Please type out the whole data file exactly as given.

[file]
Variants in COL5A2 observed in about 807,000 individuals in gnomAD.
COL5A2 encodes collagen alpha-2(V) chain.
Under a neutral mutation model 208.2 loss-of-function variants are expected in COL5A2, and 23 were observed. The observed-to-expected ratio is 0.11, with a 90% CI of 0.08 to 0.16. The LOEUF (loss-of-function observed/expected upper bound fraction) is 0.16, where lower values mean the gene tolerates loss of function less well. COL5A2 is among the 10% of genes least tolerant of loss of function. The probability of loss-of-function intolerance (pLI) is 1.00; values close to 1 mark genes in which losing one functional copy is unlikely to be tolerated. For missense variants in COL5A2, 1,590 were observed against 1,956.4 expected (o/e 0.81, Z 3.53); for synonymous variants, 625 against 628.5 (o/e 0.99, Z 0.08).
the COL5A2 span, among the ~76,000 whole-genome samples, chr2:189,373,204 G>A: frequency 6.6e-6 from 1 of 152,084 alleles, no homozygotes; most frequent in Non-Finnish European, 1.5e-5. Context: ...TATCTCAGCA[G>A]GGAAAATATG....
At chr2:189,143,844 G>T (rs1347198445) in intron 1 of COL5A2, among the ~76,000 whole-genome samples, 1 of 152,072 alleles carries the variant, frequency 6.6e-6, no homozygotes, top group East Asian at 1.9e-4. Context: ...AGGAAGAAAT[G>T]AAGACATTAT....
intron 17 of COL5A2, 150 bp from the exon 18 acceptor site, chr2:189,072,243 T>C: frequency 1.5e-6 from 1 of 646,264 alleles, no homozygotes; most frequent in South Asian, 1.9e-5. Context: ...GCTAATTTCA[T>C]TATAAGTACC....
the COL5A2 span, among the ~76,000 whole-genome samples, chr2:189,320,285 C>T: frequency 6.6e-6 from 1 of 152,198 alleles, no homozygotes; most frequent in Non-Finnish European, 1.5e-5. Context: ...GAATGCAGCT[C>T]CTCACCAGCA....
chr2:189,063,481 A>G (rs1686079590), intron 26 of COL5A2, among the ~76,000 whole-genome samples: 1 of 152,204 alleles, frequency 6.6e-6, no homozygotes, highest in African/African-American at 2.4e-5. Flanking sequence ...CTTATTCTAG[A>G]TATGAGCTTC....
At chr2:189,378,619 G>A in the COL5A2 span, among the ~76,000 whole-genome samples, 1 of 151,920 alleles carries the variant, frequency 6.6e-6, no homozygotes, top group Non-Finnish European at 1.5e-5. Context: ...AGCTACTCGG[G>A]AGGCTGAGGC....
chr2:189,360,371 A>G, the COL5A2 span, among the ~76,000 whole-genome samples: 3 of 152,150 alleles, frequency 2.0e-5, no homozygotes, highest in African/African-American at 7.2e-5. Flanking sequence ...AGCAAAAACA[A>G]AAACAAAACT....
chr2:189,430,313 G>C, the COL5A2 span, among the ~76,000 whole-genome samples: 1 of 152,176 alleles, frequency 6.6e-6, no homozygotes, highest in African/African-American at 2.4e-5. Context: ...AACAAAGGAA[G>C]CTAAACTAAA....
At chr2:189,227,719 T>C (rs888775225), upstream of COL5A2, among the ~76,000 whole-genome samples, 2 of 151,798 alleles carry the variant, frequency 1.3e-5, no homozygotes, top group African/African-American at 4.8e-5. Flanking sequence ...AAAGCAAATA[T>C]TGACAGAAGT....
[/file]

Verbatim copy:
Variants in COL5A2 observed in about 807,000 individuals in gnomAD.
COL5A2 encodes collagen alpha-2(V) chain.
Under a neutral mutation model 208.2 loss-of-function variants are expected in COL5A2, and 23 were observed. The observed-to-expected ratio is 0.11, with a 90% CI of 0.08 to 0.16. The LOEUF (loss-of-function observed/expected upper bound fraction) is 0.16, where lower values mean the gene tolerates loss of function less well. COL5A2 is among the 10% of genes least tolerant of loss of function. The probability of loss-of-function intolerance (pLI) is 1.00; values close to 1 mark genes in which losing one functional copy is unlikely to be tolerated. For missense variants in COL5A2, 1,590 were observed against 1,956.4 expected (o/e 0.81, Z 3.53); for synonymous variants, 625 against 628.5 (o/e 0.99, Z 0.08).
the COL5A2 span, among the ~76,000 whole-genome samples, chr2:189,373,204 G>A: frequency 6.6e-6 from 1 of 152,084 alleles, no homozygotes; most frequent in Non-Finnish European, 1.5e-5. Context: ...TATCTCAGCA[G>A]GGAAAATATG....
At chr2:189,143,844 G>T (rs1347198445) in intron 1 of COL5A2, among the ~76,000 whole-genome samples, 1 of 152,072 alleles carries the variant, frequency 6.6e-6, no homozygotes, top group East Asian at 1.9e-4. Context: ...AGGAAGAAAT[G>T]AAGACATTAT....
intron 17 of COL5A2, 150 bp from the exon 18 acceptor site, chr2:189,072,243 T>C: frequency 1.5e-6 from 1 of 646,264 alleles, no homozygotes; most frequent in South Asian, 1.9e-5. Context: ...GCTAATTTCA[T>C]TATAAGTACC....
the COL5A2 span, among the ~76,000 whole-genome samples, chr2:189,320,285 C>T: frequency 6.6e-6 from 1 of 152,198 alleles, no homozygotes; most frequent in Non-Finnish European, 1.5e-5. Context: ...GAATGCAGCT[C>T]CTCACCAGCA....
chr2:189,063,481 A>G (rs1686079590), intron 26 of COL5A2, among the ~76,000 whole-genome samples: 1 of 152,204 alleles, frequency 6.6e-6, no homozygotes, highest in African/African-American at 2.4e-5. Flanking sequence ...CTTATTCTAG[A>G]TATGAGCTTC....
At chr2:189,378,619 G>A in the COL5A2 span, among the ~76,000 whole-genome samples, 1 of 151,920 alleles carries the variant, frequency 6.6e-6, no homozygotes, top group Non-Finnish European at 1.5e-5. Context: ...AGCTACTCGG[G>A]AGGCTGAGGC....
chr2:189,360,371 A>G, the COL5A2 span, among the ~76,000 whole-genome samples: 3 of 152,150 alleles, frequency 2.0e-5, no homozygotes, highest in African/African-American at 7.2e-5. Flanking sequence ...AGCAAAAACA[A>G]AAACAAAACT....
chr2:189,430,313 G>C, the COL5A2 span, among the ~76,000 whole-genome samples: 1 of 152,176 alleles, frequency 6.6e-6, no homozygotes, highest in African/African-American at 2.4e-5. Context: ...AACAAAGGAA[G>C]CTAAACTAAA....
At chr2:189,227,719 T>C (rs888775225), upstream of COL5A2, among the ~76,000 whole-genome samples, 2 of 151,798 alleles carry the variant, frequency 1.3e-5, no homozygotes, top group African/African-American at 4.8e-5. Flanking sequence ...AAAGCAAATA[T>C]TGACAGAAGT....